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The Continuation of the True Crime Trend

“Either I am a psychopath in sheep’s clothing, or I am you.” These are the words of Amanda Knox, the young woman who was twice convicted and twice acquitted for the murder of her roommate while studying abroad in Italy in 2007. Through the investigations, trials, and acquittals, Knox remained the subject of international and national news. Some proclaimed her innocence, others condemned her.

On September 30, Netflix released a documentary titled Amanda Knox, which provides an in-depth exploration into all aspects of the case. Knox’s quote above composes part of her personal introduction in the film. The documentary begins with Knox’s decision to study abroad in Italy, covers her budding relationship with Raffaele Sollecito, and then examines the murder and its aftermath through the eyes of Knox, Sollecito, the Italian legal system, and the ever-present press. The documentary compounds footage from the crime scene, the courts, and monologues from those involved. These people include Amanda Knox, Raffaele Sollecito, Giuliano Mignini, the Italian prosecutor, Nick Pisa, a British journalist who helped cover the story, and independent forensic experts. The documentary does not seek to convince the audience of Amanda Knox’s innocence or guilt. It simply offers all of the available facts and perspectives and leaves discernment of the proper verdict to the audience. Amanda Knox is part of a growing trend of using media outlets as a medium for exploring all sides of a complicated crime story.

This trend arguably began in 2012 with the The Central Park Five documentary film. This film covered the arrest and wrongful conviction of five juveniles in the violent assault and rape of a young woman jogging in Central Park in 1989. The Central Park Five explored the roles of the police, prosecutors, defense lawyers and the media’s coverage of the crime. While The Central Park Five suggested the irrefutable innocence of the five young men, it more importantly explored and questioned the accepted truths of a sensational and widely publicized crime.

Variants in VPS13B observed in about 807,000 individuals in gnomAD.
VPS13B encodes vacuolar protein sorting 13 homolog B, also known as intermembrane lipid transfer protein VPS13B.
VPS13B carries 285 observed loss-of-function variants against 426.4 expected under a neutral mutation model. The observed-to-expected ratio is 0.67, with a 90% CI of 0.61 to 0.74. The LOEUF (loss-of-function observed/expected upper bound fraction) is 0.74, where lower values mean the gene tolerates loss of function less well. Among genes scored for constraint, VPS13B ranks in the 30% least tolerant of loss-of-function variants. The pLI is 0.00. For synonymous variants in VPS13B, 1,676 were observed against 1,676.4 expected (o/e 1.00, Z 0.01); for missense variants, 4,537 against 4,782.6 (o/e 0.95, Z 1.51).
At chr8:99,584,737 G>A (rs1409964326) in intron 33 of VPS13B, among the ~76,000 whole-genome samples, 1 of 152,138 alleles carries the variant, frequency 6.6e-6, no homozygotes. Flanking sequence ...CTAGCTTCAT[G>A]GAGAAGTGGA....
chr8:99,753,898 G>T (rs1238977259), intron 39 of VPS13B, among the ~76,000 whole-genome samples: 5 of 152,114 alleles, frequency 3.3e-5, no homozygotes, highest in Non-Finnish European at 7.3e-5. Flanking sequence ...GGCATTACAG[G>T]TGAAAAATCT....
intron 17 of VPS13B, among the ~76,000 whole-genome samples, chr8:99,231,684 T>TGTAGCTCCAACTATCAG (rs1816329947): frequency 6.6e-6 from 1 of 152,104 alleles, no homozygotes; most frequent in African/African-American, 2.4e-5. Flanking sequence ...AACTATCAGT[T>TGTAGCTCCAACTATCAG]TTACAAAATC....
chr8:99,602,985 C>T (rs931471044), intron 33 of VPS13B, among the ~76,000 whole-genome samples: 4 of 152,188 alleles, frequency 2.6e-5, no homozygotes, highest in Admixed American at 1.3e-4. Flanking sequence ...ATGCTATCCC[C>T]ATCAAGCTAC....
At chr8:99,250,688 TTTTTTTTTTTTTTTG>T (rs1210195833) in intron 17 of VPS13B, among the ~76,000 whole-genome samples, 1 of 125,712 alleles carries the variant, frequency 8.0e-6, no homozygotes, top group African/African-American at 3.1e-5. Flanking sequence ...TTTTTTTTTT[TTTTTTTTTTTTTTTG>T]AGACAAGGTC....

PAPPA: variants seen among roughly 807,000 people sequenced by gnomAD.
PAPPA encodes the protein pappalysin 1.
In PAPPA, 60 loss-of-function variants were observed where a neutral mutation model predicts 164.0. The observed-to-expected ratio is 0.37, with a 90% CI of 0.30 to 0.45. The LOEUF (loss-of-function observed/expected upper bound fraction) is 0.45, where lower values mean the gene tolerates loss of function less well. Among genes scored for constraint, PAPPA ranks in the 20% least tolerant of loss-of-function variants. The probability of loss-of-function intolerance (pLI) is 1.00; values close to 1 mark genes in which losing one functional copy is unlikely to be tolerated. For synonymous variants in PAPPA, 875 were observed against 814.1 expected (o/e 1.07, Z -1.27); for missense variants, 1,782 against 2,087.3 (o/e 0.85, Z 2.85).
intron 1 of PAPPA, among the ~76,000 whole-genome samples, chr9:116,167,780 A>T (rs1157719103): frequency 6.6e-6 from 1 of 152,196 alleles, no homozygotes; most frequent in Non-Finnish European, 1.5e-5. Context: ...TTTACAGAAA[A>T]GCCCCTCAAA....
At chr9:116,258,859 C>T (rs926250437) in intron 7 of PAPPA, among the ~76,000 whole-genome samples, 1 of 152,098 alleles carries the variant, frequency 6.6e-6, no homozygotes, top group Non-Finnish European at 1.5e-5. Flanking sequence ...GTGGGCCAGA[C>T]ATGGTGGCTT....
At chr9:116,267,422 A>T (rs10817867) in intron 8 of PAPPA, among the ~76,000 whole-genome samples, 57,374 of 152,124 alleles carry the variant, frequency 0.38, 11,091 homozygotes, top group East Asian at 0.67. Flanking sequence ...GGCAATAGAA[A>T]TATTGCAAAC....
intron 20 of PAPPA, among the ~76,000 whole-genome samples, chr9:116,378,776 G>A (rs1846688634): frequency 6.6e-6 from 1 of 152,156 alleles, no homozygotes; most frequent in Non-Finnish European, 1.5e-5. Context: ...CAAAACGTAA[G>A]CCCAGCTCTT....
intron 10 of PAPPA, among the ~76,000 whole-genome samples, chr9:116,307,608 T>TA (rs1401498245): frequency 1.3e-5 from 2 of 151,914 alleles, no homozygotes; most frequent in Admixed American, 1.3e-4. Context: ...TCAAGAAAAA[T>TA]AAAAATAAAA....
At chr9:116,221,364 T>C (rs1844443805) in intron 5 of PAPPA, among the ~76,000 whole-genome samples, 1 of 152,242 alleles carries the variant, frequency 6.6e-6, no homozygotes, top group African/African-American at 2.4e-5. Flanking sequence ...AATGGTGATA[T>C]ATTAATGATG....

Other outlets soon followed suit. In 2014, an American journalist named Sarah Koenig created Serial, a podcast series that explores a crime over multiple episodes. The first season comprised Koenig’s thorough investigation of the 1999 murder of Hae Min Lee and the ensuing conviction of Adnan Syed. Koenig strove to focus solely on the facts, and ends the first season with the conclusion that although she would have acquitted Adnan Syed from a legal perspective she remains doubtful of his complete innocence. In the second season, Koenig investigated the controversial disappearance and desertion of Bowe Bergdahl.

In December of 2015, Netflix premiered Making a Murderer, a documentary television series which explored the story of Steven Avery. After spending 18 years in prison for the wrongful conviction of sexual assault and attempted murder, Avery enjoyed two years of freedom before being arrested and convicted for murder. Making a Murderer also addressed the arrest and conviction of Avery’s nephew who was charged in connection to the murder.

These ‘true crime’ stories have been exceptionally well received as a collective.The first season of Serial received a Peabody Award. Rotten Tomatoes awarded The Central Park Five a score of 93%, Making A Murderer a 97%, and Amanda Knox an 89%. Amanda Knox may explore a new crime, but this exploration is part of something much bigger than Knox herself.

With decades of mandatory sentencing and championed wars on crime, more Americans currently spend their lives behind bars in the alleged “Land of the Free” than ever before. The current proliferation of ‘true crime’ stories attempts to discern and illuminate the destructive binary that places people behind bars: truth or lie, innocent or guilty. The law’s demarcation of innocence between black and white is inapplicable. People live out these stories, and nothing human is ever purely black or white. We live in a grey area that the criminal system struggles to acknowledge, but too often we offer our own uninformed verdict.

The ‘true crime’ stories trend forces the recognition of our uninformed judgements. These stories comprise hours of information and years of research, but find themselves unable to judge innocence or guilt. How then, can we make a confident judgement from a five minute news story? How can we mandate that our justice system determine innocence or guilt in a few short weeks? This mandate plays a major role in the current levels of incarceration and the high wrongful conviction rate.

The Central Park Five, Serial, Making a Murderer, and Amanda Knox have become society’s first powerful step towards approaching a seemingly unapproachable criminal justice system by championing a change in the way we perceive alleged criminals. Amanda Knox is either ‘a psychopath in sheep’s clothing’ or she is ‘you’, but the real subject is not Knox’s guilt or innocence, the real subject is you.

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